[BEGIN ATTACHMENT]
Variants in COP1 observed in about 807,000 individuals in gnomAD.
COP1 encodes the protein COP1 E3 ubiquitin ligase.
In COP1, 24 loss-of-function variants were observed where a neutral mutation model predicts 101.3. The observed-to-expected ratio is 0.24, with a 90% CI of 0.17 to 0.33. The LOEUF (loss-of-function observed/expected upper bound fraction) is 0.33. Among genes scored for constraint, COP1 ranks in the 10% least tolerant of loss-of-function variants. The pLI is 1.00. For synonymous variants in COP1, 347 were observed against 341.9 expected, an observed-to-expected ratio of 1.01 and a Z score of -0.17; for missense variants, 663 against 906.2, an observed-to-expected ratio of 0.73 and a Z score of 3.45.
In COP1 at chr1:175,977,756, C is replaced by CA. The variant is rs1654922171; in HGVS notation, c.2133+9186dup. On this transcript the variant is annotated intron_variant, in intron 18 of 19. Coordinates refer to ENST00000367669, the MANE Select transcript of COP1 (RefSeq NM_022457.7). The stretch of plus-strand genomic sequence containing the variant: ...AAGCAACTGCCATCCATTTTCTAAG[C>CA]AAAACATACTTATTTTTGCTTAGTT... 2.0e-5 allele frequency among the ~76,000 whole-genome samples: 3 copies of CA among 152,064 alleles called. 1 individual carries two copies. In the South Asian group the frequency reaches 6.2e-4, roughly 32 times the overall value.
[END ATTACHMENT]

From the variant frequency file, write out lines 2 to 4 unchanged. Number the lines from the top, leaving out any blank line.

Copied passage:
COP1 encodes the protein COP1 E3 ubiquitin ligase.
In COP1, 24 loss-of-function variants were observed where a neutral mutation model predicts 101.3. The observed-to-expected ratio is 0.24, with a 90% CI of 0.17 to 0.33. The LOEUF (loss-of-function observed/expected upper bound fraction) is 0.33. Among genes scored for constraint, COP1 ranks in the 10% least tolerant of loss-of-function variants. The pLI is 1.00. For synonymous variants in COP1, 347 were observed against 341.9 expected, an observed-to-expected ratio of 1.01 and a Z score of -0.17; for missense variants, 663 against 906.2, an observed-to-expected ratio of 0.73 and a Z score of 3.45.
In COP1 at chr1:175,977,756, C is replaced by CA. The variant is rs1654922171; in HGVS notation, c.2133+9186dup. On this transcript the variant is annotated intron_variant, in intron 18 of 19. Coordinates refer to ENST00000367669, the MANE Select transcript of COP1 (RefSeq NM_022457.7). The stretch of plus-strand genomic sequence containing the variant: ...AAGCAACTGCCATCCATTTTCTAAG[C>CA]AAAACATACTTATTTTTGCTTAGTT... 2.0e-5 allele frequency among the ~76,000 whole-genome samples: 3 copies of CA among 152,064 alleles called. 1 individual carries two copies. In the South Asian group the frequency reaches 6.2e-4, roughly 32 times the overall value.